Naturespeak A naturalist's view of the world

February 28, 2015

Captain Nemo’s Goldeneye

Filed under: Animals,BlogsMonroe — wykes @ 3:10 pm

Female Goldeneye in Threat pose photo IMG_7884_zps4uocldsf.jpg

Last week I returned to my favorite mid-winter wildlife watching spot, that being the River Raisin where it flows through mid-Monroe, to see what the bear went over the mountain to see (“to see what he could see”). What I saw were a variety of ducks reveling in the ice bound patch of open water. There were only two female Goldeneyes present in the crowd but two of a kind proved too much in this case. One of them simply could not stand the sight of the other and let her know it.

For the most part the dispute consisted of short wild splash ridden chases. Guttural grunts from the Goldeneyes accompanied each act, but most of the noise was generated by the other ducks trying to get out of the way. The aggressor, let’s call her “Maxima,” came at “Minima” with a direct frontal attack. Wings were employed like oars along with foot kicks to drive the attacker forward. The attackee made no attempt to rebuff the assault and fled with similar flair – occasionally diving to escape.

Feuding Goldeneye Females photo IMG_7866_zpso8nsfjrn.jpg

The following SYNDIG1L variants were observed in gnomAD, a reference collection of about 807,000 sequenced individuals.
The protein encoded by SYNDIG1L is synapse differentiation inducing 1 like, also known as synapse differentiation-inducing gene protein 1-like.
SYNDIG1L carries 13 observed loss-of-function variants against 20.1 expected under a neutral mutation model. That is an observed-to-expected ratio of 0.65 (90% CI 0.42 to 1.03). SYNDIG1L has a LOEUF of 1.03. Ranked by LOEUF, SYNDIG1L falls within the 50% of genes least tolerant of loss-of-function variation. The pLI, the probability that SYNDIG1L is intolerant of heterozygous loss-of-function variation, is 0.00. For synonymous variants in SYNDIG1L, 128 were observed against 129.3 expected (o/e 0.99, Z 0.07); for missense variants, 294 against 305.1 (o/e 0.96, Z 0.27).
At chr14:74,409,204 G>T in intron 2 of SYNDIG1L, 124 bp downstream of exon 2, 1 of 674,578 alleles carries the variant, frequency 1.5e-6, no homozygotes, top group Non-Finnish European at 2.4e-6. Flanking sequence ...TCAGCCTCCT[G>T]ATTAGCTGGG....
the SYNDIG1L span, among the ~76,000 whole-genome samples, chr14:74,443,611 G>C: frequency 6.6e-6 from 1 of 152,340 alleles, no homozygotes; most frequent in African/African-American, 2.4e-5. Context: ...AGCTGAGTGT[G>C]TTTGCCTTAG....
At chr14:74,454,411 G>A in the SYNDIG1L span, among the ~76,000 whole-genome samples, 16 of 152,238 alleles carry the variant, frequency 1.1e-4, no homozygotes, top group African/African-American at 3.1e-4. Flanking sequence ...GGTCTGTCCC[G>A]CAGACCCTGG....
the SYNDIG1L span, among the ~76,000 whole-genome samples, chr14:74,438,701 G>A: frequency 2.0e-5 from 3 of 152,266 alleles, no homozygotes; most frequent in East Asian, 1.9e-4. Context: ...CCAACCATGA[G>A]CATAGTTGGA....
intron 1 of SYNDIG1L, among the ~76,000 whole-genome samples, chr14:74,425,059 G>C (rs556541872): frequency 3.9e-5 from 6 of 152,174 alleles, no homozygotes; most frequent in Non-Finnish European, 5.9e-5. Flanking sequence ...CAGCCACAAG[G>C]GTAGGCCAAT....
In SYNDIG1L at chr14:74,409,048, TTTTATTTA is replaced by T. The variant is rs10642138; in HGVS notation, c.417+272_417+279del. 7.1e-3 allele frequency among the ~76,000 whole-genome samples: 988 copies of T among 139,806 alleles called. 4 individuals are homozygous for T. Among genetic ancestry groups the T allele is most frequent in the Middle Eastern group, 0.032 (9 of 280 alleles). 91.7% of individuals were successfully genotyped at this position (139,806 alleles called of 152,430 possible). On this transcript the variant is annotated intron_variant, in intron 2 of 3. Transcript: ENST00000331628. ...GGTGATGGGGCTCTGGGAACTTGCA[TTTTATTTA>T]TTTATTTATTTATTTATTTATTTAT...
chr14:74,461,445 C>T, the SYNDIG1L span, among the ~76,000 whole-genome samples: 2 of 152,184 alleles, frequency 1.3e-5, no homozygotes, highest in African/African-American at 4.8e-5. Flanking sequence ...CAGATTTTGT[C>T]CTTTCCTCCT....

Although the action was fun to watch, the body posturing preceding each attack was even more entertaining. Leveling her head out even with the water surface, Maxima swam directly toward her rival at half speed before exploding into the previously described action. Often she dipped her bill into the water so that only the upper half of her head was visible. Viewed for the front, the bright yellow eyes were used to full intimidation effect. For all the world this behavior looked like the ship-ramming scene in “Twenty-thousand Leagues Under the Sea” where Nemo’s submarine breaks the surface and speeds towards its hapless victim -the windows glowing with a fiery anger.

Female Goldeneye in Threat pose photo IMG_7885_zps5qkgxxup.jpg

Such aggression at this time of year probably relates to courtship. There was a male bird a short way up river, although he was not yet in courtship mode. The aggressive female was possibly having a hissy fit at the thought of this hussy hanging around just in the event that “her” man-duck decides to start the dance. The hussy never actually left the scene, however, so these attacks were merely an exercise in futility.

We tend to think of ducks as picture-perfect stamp art and it is refreshing to see them as living beings with fire in the belly and in the eyes!

Female Goldeneye in Threat pose photo IMG_7962_zpsou2el5eu.jpg

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